Our class discussions have frequently touched on Loyola, and in particular Loyola in relation to the city of Baltimore. For example, we mentioned the phenomenon of the college website’s directions. I am sure that most of us realized, after our freshman move-in or even our first visit to the school, that the school really does send you in the most roundabout way, though it certainly is the scenic route. There is always talk around campus about the “Loyola Bubble.” It is all too easy to get sucked into—if you take a look at the beauty of the campus, or the elegant homes on St. Paul Street. We might like to believe in the safety that the bubble provides. We can’t be harmed here, it’s so pretty, nothing bad could happen. We tend to only focus on the good things, because they are what we want to believe to be true.
If all we only see through the very small lens of the Loyola Bubble, we are doing ourselves a disservice. We may have a perfectly nice, lovely, safe college experience, but why not look for more? In order to truly learn, to really gain knowledge and experience, we need to push our boundaries. I think Loyola as a community does an outstanding job of encouraging this kind of behavior. We have ample opportunity to get out into Baltimore, because it is a city full of both the good and the bad. Even if the admissions office does not want to highlight this fact (understandably so), students are well aware that the city they have come to live in has its problems, and they are glaring in some neighborhoods. Service learning for certain courses is one of the many ways to plunge headfirst into the city and what it has to offer. We can help others while at the same time learning from them. Once we see outside of the Loyola Bubble, we come to a full appreciation for what we have, and also what we can give to others.
The concept of only seeing what we believe is an important theme in Black Rainbow. When the narrator is contemplating the infuriating “normalness” that is the Puzzle Palace, he says to his companions, “We see what we believe” (138). He does not, at this point, figure out how to defeat the Palace, but when he finally does it is because of the same thought. Because he believes the Palace is a complex, top-secret, government fortress, that is what it becomes. This seems a long way from breaking free of the Loyola Bubble, but it is not. After overcoming the obstacle of the Palace, the narrator is greatly changed. He begins to deny his Quest. He denies his wife as well as the money and freedom she offers. For the first time he openly sees fault with the life the Tribunal has created for him, and he wants out. The narrator’s entire view is shattered. Before, he saw the Game of Life as something he had to do. He thought he would find his family and live happily ever after, so to speak. Once he begins to see that there is something inherently wrong with the Tribunal, and with his journey, he is able to see more clearly. Before, when he believed in and trusted the Tribunal, his views were very different. He could only see what the Tribunal wanted him to see.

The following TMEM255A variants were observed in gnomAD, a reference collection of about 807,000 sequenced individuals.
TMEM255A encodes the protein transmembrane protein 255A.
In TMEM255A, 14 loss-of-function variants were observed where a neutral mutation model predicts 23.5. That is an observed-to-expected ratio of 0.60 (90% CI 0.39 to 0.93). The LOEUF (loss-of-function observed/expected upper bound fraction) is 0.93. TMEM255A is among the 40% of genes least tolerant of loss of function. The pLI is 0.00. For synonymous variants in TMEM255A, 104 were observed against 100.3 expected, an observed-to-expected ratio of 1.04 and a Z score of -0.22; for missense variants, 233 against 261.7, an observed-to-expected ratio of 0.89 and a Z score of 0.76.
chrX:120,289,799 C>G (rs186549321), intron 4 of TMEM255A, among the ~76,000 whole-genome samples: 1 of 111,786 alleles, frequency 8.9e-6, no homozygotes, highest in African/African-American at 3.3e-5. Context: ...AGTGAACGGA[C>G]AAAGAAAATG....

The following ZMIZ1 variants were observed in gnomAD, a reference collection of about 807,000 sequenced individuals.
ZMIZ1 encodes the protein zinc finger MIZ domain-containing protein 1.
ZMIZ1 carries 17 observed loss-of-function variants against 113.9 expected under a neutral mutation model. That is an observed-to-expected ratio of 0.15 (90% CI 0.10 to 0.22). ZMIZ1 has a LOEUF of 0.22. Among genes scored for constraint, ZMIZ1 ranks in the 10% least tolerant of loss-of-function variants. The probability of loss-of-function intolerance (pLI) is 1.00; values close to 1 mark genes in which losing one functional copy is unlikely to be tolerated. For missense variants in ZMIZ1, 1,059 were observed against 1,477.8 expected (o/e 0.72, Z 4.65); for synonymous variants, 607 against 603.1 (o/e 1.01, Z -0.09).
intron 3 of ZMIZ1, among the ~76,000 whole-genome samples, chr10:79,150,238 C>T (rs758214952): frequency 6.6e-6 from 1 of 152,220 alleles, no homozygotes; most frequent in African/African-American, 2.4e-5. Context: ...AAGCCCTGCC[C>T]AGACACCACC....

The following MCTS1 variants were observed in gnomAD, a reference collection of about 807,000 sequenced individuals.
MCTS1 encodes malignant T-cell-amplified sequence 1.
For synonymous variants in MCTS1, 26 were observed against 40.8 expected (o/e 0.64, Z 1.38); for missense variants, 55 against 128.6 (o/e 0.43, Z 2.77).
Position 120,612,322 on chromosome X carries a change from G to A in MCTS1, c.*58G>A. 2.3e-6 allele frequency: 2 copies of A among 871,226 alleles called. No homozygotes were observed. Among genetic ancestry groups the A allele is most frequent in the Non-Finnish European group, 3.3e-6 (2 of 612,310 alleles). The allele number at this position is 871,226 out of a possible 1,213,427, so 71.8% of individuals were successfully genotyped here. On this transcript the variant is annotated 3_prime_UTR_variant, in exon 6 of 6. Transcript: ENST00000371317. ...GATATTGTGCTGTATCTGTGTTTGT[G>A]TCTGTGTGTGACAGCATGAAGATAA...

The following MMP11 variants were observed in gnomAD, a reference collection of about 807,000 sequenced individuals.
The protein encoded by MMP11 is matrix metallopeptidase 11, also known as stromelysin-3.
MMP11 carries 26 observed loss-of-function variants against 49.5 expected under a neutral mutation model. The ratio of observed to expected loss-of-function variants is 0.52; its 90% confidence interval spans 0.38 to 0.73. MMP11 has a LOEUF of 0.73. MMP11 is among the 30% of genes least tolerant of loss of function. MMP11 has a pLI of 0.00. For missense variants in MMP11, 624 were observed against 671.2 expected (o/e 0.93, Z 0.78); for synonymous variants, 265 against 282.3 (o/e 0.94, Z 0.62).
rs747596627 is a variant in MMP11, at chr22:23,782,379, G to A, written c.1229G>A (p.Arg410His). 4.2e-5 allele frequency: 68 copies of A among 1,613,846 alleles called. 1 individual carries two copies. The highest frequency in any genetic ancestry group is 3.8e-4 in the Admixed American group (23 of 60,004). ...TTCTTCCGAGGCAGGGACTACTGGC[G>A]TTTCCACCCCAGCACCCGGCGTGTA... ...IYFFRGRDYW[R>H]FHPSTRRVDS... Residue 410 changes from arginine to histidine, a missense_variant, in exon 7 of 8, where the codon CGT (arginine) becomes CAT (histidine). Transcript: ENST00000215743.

We see what we believe. Sometimes, we might have to take a step back from our beliefs, to make sure we are seeing everything.